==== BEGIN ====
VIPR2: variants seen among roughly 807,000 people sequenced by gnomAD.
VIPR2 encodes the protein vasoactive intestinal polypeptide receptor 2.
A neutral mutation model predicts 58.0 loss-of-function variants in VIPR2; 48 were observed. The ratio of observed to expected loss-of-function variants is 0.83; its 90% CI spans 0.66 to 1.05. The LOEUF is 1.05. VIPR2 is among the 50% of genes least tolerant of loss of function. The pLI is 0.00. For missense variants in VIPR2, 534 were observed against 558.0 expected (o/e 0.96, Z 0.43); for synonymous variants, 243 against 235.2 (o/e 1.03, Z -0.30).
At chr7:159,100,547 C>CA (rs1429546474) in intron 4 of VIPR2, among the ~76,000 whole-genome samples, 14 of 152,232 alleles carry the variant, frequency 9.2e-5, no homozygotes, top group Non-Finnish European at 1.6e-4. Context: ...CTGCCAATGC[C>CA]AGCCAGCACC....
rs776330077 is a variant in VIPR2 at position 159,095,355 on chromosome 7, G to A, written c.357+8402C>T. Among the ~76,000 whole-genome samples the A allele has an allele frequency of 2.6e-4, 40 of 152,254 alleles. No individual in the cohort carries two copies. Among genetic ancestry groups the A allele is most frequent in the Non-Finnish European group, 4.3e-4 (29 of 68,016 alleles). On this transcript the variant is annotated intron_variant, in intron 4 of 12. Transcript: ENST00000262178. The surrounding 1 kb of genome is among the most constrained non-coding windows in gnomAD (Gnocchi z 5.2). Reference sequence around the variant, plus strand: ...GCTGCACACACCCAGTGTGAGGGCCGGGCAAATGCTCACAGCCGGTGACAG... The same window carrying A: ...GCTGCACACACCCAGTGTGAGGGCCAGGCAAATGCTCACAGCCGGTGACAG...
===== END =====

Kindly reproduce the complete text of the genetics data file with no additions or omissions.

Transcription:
VIPR2: variants seen among roughly 807,000 people sequenced by gnomAD.
VIPR2 encodes the protein vasoactive intestinal polypeptide receptor 2.
A neutral mutation model predicts 58.0 loss-of-function variants in VIPR2; 48 were observed. The ratio of observed to expected loss-of-function variants is 0.83; its 90% CI spans 0.66 to 1.05. The LOEUF is 1.05. VIPR2 is among the 50% of genes least tolerant of loss of function. The pLI is 0.00. For missense variants in VIPR2, 534 were observed against 558.0 expected (o/e 0.96, Z 0.43); for synonymous variants, 243 against 235.2 (o/e 1.03, Z -0.30).
At chr7:159,100,547 C>CA (rs1429546474) in intron 4 of VIPR2, among the ~76,000 whole-genome samples, 14 of 152,232 alleles carry the variant, frequency 9.2e-5, no homozygotes, top group Non-Finnish European at 1.6e-4. Context: ...CTGCCAATGC[C>CA]AGCCAGCACC....
rs776330077 is a variant in VIPR2 at position 159,095,355 on chromosome 7, G to A, written c.357+8402C>T. Among the ~76,000 whole-genome samples the A allele has an allele frequency of 2.6e-4, 40 of 152,254 alleles. No individual in the cohort carries two copies. Among genetic ancestry groups the A allele is most frequent in the Non-Finnish European group, 4.3e-4 (29 of 68,016 alleles). On this transcript the variant is annotated intron_variant, in intron 4 of 12. Transcript: ENST00000262178. The surrounding 1 kb of genome is among the most constrained non-coding windows in gnomAD (Gnocchi z 5.2). Reference sequence around the variant, plus strand: ...GCTGCACACACCCAGTGTGAGGGCCGGGCAAATGCTCACAGCCGGTGACAG... The same window carrying A: ...GCTGCACACACCCAGTGTGAGGGCCAGGCAAATGCTCACAGCCGGTGACAG...